If you want to get the best out of a visit to visible Roman remains anywhere in Britain and have only room in your rucksack for one book, then this is the one to take.
Highly recommended.
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Format: Paperback
One only has to look at a list of English Heritage sites to appreciate the rich array of Roman ruins still visible in Britain. There is no better introduction to them than Roger J. A. Wilson's "A Guide to the Roman Remains in Britain," which, having been out of print for almost a decade, is available again. Satisfyingly compact in the hand, the illustrated guide provides directions, descriptions, and the historical importance of more than 240 sites. There is, as well, a long introduction, glossary of terms, and timeline. Together with the Ordnance Survey map of "Roman Britain," one cannot do better exploring the countryside. Would that Professor Wilson have the time to provide a fourth edition!
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Format: Paperback Verified Purchase
Its a reasonable book, but you cant just jump in. Its really hard to figure out where you are. Its like he starts at one end of the country and in a single paragraph, without headers, breaks, titles or other navigation devises talks through 700 pages of walking arounf Britain. In short you absolutly cant just flick through it. Its just rock sold almost unformatted text. I wanted something that I could browse through and say look at a section maybe on Dover, and read all about Dover. Its not really possible. You have to look dover up in the index and Dover is referenced about 10 times. The bold entry takes you to a new paragraph on page 48-52. Thats it, its a new paragraph, or at least there are no titles, just the word Dover in bold. I have only given it two because im sure there is a context in which this this would be great as its clearly very detailed and informative. I just think you have to be there in Dover to really appreciate it as it has directions and opening times both daily and seasonal. For example, it says 'After passing the ticket office, you look down on the Saxon Shore fort defences, well preserved to your left.' Well, to my left is my kitchen. So you really nee to be there. As such, unless you really intend to vist many Roman sites I cant really see this as being of much use to anyone. However, it is nice and solid and you can use it to prop up phones and tablets on your desk or through it at your partner during a row. Hence two stars.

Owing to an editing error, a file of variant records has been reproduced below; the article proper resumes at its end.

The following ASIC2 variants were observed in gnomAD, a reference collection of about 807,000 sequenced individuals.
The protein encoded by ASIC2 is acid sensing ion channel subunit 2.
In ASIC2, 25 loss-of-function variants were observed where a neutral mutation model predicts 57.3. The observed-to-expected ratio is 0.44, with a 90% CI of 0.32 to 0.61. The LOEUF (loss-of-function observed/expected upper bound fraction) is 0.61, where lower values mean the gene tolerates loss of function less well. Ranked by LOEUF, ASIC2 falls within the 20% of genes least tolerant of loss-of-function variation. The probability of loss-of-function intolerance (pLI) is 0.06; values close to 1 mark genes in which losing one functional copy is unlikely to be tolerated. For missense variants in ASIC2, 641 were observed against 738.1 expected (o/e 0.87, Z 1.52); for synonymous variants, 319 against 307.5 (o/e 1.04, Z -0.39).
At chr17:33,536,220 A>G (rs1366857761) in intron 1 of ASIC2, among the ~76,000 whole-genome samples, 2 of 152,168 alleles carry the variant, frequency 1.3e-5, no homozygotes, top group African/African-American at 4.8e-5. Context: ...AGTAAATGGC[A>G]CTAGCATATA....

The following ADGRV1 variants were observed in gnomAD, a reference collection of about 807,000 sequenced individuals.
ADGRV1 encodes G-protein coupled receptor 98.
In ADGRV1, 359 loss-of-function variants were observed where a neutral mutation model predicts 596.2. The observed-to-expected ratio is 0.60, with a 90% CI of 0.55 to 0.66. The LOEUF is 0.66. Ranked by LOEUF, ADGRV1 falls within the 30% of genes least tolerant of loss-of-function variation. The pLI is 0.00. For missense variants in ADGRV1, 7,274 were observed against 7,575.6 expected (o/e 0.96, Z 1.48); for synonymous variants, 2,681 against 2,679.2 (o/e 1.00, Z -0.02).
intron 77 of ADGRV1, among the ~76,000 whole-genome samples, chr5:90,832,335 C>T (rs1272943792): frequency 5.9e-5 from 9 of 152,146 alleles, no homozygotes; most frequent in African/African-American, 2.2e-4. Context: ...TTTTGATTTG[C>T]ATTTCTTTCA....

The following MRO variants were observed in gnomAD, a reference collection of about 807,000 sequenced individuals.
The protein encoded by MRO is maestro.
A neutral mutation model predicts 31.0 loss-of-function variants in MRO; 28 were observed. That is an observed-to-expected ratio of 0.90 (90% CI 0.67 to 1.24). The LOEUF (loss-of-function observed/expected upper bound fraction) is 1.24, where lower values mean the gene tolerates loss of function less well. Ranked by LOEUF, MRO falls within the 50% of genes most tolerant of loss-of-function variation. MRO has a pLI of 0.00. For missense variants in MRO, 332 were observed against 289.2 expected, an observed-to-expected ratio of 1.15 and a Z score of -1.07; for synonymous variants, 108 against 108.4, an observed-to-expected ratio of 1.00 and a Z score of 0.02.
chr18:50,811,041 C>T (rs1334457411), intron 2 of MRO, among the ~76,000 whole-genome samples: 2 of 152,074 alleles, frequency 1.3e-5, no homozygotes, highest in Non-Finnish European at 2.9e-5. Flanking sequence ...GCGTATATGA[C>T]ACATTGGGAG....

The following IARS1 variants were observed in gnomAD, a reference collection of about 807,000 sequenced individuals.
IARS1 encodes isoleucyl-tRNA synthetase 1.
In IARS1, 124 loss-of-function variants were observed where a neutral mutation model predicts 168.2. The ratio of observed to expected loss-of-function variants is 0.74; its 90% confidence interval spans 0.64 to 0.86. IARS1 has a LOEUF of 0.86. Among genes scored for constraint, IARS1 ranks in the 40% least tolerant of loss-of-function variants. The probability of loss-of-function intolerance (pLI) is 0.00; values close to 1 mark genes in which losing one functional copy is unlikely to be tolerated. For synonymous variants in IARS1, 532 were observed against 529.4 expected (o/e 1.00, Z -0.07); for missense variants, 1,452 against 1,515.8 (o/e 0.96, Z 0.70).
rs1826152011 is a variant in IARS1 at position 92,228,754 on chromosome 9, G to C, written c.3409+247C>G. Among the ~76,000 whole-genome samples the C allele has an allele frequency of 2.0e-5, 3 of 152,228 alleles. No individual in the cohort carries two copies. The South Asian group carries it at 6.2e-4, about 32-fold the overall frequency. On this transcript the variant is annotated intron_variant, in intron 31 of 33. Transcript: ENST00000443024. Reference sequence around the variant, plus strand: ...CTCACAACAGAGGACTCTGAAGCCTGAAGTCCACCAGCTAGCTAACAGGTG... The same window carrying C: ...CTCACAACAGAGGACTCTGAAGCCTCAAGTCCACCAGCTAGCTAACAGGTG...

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Format: Hardcover Verified Purchase
An excellent book, with clear descriptions of the visible remains and importantly the exact locations are given using OS grid references. Regarding how to get to some of the sites, modernisation to roads and housing developments may make some of the authors descriptions irrelevant (but use of a current OS map will allow anyone interested to find the site they are looking for).

As someone interested in visiting Roman sites in Britain I would definitely recommend this book to others.